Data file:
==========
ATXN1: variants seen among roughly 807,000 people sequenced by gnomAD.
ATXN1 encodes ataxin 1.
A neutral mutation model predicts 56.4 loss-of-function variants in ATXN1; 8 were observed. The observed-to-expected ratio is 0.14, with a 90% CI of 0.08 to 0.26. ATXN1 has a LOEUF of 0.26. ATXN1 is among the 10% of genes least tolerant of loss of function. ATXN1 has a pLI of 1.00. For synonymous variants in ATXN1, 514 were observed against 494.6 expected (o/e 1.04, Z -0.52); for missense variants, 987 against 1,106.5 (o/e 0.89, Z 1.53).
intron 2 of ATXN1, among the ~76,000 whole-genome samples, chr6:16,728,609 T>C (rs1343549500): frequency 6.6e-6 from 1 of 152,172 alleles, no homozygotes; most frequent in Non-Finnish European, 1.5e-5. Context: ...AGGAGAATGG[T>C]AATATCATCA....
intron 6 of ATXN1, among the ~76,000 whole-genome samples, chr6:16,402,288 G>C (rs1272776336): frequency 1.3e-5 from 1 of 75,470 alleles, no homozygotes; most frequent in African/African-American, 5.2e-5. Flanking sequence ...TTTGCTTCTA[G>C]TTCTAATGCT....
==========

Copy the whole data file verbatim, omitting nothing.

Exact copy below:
ATXN1: variants seen among roughly 807,000 people sequenced by gnomAD.
ATXN1 encodes ataxin 1.
A neutral mutation model predicts 56.4 loss-of-function variants in ATXN1; 8 were observed. The observed-to-expected ratio is 0.14, with a 90% CI of 0.08 to 0.26. ATXN1 has a LOEUF of 0.26. ATXN1 is among the 10% of genes least tolerant of loss of function. ATXN1 has a pLI of 1.00. For synonymous variants in ATXN1, 514 were observed against 494.6 expected (o/e 1.04, Z -0.52); for missense variants, 987 against 1,106.5 (o/e 0.89, Z 1.53).
intron 2 of ATXN1, among the ~76,000 whole-genome samples, chr6:16,728,609 T>C (rs1343549500): frequency 6.6e-6 from 1 of 152,172 alleles, no homozygotes; most frequent in Non-Finnish European, 1.5e-5. Context: ...AGGAGAATGG[T>C]AATATCATCA....
intron 6 of ATXN1, among the ~76,000 whole-genome samples, chr6:16,402,288 G>C (rs1272776336): frequency 1.3e-5 from 1 of 75,470 alleles, no homozygotes; most frequent in African/African-American, 5.2e-5. Flanking sequence ...TTTGCTTCTA[G>C]TTCTAATGCT....